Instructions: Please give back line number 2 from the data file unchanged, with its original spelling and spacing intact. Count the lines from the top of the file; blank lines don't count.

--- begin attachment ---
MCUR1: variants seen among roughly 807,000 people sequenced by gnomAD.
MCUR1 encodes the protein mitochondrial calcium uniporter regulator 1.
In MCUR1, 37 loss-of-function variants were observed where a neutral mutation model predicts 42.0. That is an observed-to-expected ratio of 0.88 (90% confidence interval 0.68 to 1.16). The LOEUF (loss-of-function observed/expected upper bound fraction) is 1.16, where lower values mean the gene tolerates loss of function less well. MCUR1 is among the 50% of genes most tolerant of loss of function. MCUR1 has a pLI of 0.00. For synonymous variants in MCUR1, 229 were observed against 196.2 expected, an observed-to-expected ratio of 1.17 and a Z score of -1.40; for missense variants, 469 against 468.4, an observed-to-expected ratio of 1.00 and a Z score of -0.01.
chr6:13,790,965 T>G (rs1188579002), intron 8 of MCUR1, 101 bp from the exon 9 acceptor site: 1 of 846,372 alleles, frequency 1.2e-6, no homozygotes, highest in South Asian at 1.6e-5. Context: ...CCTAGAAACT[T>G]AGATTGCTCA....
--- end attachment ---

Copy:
MCUR1 encodes the protein mitochondrial calcium uniporter regulator 1.